A place that once churned out some of Detroit's finest machines has long laid dormant. Dormant, in the sense that industry was no longer occurring within its walls.
The Packard Plant, which opened in 1903, sits on 3,500,000 square feet, spread out over 40 acres of currently blighted Detroit moonscape. From the time it opened, the plant was used to create Packard automobiles until the automaker went under in 1958. After that, the site was home to quite a few local businesses, but those companies went under or pulled out of the plant over the years. The facility now sits abandoned and serves as a rather poignant symbol of what's become of the Motor City.
Now though, it might get a new lease on life because the entire parcel of land and its buildings are heading to auction.
According to Crain's Detroit Business, the Packard Plant's 43 parcels will hit the auction block with a starting bid of $975,000. This is the amount of taxes owed on the property. There are four parcels of land owned by the city, which will not be included in the auction. (Everything else must go!) The auction is slated for sometime between September 20th and the 26th.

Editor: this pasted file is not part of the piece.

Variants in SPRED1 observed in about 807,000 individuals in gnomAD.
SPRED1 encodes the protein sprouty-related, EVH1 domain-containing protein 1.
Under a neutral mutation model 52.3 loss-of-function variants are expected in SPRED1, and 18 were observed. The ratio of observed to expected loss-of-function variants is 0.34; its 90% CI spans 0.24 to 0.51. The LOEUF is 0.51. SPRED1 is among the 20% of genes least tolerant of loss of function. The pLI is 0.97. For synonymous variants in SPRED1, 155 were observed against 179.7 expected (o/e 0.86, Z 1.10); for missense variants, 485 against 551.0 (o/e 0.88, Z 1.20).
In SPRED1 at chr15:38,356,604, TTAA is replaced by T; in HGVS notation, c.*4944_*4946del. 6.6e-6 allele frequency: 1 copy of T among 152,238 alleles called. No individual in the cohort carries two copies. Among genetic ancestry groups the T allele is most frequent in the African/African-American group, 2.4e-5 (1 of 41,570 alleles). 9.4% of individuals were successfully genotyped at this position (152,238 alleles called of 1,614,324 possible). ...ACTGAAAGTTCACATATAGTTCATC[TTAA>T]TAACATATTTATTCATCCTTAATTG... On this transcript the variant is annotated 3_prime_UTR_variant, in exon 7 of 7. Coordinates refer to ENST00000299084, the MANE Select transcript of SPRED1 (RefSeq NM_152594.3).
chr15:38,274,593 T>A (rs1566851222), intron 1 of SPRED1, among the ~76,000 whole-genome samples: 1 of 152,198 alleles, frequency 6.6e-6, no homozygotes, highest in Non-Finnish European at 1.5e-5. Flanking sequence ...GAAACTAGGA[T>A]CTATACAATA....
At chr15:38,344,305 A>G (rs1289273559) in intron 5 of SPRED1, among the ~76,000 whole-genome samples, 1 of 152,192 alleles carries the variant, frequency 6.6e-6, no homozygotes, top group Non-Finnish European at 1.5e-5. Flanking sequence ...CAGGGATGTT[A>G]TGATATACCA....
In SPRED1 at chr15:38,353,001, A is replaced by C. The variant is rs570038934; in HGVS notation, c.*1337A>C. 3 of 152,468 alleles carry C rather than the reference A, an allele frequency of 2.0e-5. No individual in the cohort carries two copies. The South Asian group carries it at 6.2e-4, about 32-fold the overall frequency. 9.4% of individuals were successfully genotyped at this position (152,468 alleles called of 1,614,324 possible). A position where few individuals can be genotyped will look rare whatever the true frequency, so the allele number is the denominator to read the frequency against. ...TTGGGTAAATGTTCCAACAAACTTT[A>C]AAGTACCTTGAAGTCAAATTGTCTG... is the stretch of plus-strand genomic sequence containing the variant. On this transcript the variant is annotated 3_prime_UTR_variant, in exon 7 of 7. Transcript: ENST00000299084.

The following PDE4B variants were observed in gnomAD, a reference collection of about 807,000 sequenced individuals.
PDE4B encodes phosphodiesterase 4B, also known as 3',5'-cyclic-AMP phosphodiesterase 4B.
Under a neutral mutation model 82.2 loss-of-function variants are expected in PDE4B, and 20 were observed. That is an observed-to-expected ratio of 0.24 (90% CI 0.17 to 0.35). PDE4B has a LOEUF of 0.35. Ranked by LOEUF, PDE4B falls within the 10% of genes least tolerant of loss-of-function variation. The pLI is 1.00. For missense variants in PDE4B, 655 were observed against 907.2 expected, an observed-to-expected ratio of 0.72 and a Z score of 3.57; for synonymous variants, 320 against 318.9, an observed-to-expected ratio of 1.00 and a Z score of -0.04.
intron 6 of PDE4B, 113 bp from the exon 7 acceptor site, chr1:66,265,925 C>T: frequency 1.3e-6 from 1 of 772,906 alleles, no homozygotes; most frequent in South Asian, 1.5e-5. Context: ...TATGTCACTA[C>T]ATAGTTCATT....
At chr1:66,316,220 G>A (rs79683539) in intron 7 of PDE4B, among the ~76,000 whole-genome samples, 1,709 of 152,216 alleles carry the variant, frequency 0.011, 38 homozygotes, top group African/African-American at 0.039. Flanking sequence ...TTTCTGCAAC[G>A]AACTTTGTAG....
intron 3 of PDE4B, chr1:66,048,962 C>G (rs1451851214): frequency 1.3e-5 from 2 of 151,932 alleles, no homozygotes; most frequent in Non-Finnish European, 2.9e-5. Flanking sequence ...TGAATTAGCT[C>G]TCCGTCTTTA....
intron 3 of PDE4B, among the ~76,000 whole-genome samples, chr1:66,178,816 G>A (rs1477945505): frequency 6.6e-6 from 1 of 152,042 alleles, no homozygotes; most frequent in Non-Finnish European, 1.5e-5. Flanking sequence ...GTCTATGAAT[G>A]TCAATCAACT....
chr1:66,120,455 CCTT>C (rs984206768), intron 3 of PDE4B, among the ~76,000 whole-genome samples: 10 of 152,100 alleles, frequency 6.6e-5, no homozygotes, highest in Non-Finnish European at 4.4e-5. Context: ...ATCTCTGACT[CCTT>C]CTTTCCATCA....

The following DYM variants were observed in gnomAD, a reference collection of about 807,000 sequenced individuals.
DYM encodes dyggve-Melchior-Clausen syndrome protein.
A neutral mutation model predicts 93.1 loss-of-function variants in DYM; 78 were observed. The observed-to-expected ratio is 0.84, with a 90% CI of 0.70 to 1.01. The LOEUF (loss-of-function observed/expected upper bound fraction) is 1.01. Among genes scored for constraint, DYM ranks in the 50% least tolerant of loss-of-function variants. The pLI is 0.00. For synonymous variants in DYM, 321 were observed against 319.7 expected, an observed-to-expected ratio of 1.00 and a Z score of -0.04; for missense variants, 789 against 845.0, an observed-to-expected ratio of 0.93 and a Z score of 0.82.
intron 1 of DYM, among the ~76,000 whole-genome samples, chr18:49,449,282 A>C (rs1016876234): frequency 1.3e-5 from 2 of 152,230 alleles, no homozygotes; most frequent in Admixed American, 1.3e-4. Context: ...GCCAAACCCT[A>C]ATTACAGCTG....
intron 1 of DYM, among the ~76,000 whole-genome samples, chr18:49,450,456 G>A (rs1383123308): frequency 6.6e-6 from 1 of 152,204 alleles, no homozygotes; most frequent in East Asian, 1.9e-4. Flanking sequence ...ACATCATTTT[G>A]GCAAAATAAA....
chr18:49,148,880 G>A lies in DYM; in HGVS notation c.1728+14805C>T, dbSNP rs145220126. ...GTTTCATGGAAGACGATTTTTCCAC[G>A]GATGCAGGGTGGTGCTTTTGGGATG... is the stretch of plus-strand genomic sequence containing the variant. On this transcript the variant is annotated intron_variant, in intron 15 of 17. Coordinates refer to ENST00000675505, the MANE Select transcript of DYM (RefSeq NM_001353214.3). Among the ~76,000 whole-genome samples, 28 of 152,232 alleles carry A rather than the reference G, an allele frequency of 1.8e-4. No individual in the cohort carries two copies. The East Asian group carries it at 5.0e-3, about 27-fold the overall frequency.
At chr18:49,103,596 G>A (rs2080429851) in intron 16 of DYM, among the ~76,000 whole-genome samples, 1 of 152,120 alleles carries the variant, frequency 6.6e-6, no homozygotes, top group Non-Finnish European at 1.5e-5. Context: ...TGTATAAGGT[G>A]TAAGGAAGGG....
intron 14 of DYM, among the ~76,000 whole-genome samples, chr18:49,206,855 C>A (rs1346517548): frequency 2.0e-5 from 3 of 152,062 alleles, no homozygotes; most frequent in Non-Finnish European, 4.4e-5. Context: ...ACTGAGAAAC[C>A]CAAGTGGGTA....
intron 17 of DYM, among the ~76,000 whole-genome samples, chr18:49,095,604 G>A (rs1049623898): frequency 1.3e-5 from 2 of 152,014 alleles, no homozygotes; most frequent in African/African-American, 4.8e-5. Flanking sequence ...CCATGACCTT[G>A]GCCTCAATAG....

If the auction doesn't find a winning bidder, there will be a second auction in October. Here the property will be split into its separate parcels, and the bids will start at $500 per parcel. As the Packard Plant is a piece of automotive history, we do hope that someone swoops in and saves the land. If that doesn't happen, we hope that the grounds are transformed and help serve to revitalize a portion of a city that needs a little bit of love.